A certain portion also comes from commercial losses. In 1993, only 2,400 out of 26,881 connections, or 9%, were metered. Now, all our 147,000 connections are metered. However, we still have cases of defective water meters so we have to estimate actual consumption for those. Also, we face the challenge of dismantling around 30 illegal connections each year. The bulk of our NRW is due to physical losses, mainly from leakages caused by the construction of roads, drainage, cable, etc. In 2004, road construction caused 75% of our leaks. The year after, the figure rose to 81%, and then again to 83% by 2006. What strategies did you use to address commercial losses? First, we started metering all our connections. Then, we upgraded to more accurate water meters. We now use volumetric water meter class C, which has a replacement cycle of 4-8 years. Stopping the illegal connections was a bigger challenge for us. Back in 1993, only 20% of the city was connected to the 70-year-old water system. Considering the $1,000 connection fee, that wasn’t surprising. You could have had a water pipe running in front of your house and still not have a connection. When I first took over PPWSA, I discovered that most of the illegal connections were even installed by the utility employees themselves.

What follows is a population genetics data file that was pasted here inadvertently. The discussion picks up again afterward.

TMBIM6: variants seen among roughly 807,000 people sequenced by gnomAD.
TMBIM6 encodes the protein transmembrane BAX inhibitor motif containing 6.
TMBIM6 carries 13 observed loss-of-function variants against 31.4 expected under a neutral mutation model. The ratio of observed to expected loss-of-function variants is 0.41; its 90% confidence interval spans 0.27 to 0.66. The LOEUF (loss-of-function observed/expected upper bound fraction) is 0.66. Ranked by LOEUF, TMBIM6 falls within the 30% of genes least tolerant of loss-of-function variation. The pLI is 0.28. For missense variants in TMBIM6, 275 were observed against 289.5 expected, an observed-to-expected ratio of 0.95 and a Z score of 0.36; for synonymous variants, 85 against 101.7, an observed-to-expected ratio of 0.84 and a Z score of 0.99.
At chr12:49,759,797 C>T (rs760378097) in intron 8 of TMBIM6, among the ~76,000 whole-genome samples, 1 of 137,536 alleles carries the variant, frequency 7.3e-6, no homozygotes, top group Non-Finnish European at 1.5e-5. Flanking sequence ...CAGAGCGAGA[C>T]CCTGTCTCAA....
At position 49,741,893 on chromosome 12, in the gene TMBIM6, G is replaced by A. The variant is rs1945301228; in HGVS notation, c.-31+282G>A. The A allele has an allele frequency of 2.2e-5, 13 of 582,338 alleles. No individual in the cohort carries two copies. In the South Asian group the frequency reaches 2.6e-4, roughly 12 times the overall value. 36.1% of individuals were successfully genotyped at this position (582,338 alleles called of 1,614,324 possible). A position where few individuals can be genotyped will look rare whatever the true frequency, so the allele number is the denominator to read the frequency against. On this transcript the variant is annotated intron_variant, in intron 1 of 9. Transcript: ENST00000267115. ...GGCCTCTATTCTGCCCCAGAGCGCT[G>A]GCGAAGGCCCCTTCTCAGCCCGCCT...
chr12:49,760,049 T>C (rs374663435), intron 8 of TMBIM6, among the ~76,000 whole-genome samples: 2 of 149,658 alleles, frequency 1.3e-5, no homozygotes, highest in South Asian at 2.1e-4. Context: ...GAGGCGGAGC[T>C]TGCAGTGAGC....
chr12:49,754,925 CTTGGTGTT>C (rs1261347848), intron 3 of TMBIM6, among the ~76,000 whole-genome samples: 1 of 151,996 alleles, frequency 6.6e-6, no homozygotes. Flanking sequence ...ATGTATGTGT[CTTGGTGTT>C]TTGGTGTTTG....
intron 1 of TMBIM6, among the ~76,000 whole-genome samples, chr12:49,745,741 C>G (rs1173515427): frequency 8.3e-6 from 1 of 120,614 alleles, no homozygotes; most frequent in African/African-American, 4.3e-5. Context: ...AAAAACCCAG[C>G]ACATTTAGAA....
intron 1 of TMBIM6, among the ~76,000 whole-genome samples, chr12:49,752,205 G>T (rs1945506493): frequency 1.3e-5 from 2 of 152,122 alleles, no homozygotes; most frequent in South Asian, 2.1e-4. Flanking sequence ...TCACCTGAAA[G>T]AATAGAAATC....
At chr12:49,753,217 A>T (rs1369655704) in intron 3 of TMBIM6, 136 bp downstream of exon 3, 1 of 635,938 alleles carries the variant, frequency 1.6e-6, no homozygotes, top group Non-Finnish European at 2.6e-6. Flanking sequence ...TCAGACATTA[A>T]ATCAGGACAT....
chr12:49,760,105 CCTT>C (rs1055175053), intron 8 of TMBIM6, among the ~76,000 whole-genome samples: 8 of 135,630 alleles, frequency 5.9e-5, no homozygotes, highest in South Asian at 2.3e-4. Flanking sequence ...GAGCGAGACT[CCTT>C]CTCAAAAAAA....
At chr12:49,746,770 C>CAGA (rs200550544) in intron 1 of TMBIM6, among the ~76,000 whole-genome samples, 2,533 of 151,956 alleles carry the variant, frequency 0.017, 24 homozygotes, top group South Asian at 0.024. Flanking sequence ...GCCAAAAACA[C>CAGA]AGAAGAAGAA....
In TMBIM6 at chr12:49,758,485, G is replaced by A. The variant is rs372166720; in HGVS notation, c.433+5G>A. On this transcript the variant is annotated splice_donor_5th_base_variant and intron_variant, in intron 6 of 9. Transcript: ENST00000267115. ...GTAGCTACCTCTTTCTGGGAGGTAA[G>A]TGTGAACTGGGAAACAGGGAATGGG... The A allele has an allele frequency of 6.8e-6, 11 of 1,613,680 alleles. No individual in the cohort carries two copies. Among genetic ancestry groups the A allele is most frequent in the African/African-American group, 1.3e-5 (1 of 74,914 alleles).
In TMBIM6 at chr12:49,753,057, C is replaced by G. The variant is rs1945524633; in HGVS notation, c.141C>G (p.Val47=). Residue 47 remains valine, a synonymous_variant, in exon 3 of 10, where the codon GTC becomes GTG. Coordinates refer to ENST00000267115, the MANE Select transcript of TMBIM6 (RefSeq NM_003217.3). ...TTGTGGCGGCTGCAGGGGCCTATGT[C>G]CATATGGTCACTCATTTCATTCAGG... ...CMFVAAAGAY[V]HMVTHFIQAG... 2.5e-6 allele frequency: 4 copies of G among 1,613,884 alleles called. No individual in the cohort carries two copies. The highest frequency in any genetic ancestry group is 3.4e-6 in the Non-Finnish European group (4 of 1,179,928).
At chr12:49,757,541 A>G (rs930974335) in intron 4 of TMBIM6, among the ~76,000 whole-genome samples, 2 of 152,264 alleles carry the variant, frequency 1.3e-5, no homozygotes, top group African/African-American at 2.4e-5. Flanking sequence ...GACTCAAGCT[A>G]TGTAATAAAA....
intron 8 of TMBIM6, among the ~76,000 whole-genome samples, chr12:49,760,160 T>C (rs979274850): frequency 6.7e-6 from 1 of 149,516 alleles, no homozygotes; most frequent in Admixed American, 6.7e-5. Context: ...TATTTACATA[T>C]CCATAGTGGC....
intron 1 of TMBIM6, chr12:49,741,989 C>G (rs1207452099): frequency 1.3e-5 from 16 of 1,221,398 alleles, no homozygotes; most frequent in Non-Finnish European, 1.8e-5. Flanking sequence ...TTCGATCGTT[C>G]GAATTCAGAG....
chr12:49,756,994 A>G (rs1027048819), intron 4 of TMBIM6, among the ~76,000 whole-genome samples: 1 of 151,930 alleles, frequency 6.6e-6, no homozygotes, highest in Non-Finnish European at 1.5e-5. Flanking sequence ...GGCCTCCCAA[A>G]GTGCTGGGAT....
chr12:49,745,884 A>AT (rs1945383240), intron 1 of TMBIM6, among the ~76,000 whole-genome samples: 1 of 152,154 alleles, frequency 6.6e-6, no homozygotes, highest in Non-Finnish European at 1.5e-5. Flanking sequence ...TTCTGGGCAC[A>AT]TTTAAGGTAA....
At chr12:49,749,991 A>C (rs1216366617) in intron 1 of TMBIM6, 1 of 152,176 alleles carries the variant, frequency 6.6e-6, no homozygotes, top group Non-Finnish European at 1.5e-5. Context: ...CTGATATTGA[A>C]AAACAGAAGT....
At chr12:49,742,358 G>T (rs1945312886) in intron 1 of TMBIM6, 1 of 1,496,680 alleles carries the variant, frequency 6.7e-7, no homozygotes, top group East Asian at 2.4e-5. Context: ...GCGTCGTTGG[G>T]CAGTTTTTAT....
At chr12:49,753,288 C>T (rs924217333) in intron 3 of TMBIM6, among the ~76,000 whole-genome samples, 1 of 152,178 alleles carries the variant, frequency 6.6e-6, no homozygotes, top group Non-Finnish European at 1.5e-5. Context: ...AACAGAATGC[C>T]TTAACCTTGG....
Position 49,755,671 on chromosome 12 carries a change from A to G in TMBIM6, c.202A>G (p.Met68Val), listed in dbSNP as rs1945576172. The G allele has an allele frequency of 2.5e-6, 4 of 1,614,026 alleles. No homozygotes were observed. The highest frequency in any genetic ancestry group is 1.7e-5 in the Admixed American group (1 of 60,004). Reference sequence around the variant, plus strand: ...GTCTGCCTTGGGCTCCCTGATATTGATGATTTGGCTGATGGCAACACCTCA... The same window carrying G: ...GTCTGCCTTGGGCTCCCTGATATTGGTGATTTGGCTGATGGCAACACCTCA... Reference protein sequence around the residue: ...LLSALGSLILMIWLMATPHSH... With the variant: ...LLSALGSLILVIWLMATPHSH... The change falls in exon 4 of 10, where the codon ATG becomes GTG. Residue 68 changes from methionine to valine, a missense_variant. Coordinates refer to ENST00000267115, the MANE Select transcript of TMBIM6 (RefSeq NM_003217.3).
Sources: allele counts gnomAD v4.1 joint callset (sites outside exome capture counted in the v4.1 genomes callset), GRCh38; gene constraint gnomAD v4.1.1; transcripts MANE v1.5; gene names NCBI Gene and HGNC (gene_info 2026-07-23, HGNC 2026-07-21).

To solve this problem, we ran a public awareness campaign encouraging people to stop this illegal activity. We gave incentives to anyone who could provide information on illegal connections. We slapped heavy penalties on those connected illegally. And we paid special attention to the staff of PPWSA. Any staff associated with illegal connections was removed or punished immediately. To this day, we remain vigilant about staff involvement in illegal connections. Finally, the customer file is the basic data for billing so we carefully and painstakingly update it daily. What strategies did you adopt against physical losses? Our first step was to renew old pipes. We did that by using state of the art materials. What’s more, our own team laid the pipes themselves, which helped us control the repairs and save money. We also slowly eliminated the underground tanks. In 1993, there were 1,945 underground tanks along the PPWSA distribution network. Now, we have 1,500 km of new distribution network. One of our effective strategies was establishing Leak Repair Teams. All of PPWSA’s staff are duty-bound to report leaks, and we set up hotlines to encourage residents to do the same thing. Our Leak Repair Teams, composed of very highly motivated and disciplined staff, then respond to the reports within 2 hours. To control the water flow, we divided our distribution network into 41 zones. Each zone is equipped with pressure and flow rate data transmitter that provides online data for analyzing big leaks in the system. In 2003, we also established the NRW Control Teams. These teams control the distribution zone on-site—they investigate and repair leaks, discover and disconnect illegal connections, and more. We provide incentives for the team that could reduce the NRW in their zone, and fine those whose zones reflect increased NRW. How did you manage the human aspects of NRW, e.g., people reselling water to their neighbors or refusing to pay bills, PPWSA staff installing illegal connections, etc? It is sad but true that most of the illegal connections in the past were linked to PPWSA employees. With help from the public, who reported these links to us, and a discipline committee that investigated and decided on cases involving PPWSA staff, we were able to weed out the guilty ones. As for the water resellers, they are definitely on our radar. Our records show that 90% of them stole water to make profits. We implemented a program to control them, involving a specific connection, special seal, and a team to check up on them regularly. One of our critical targets for NRW reduction is the complete elimination of the water resellers. That’s why we keep on extending our distribution network to supply customers directly.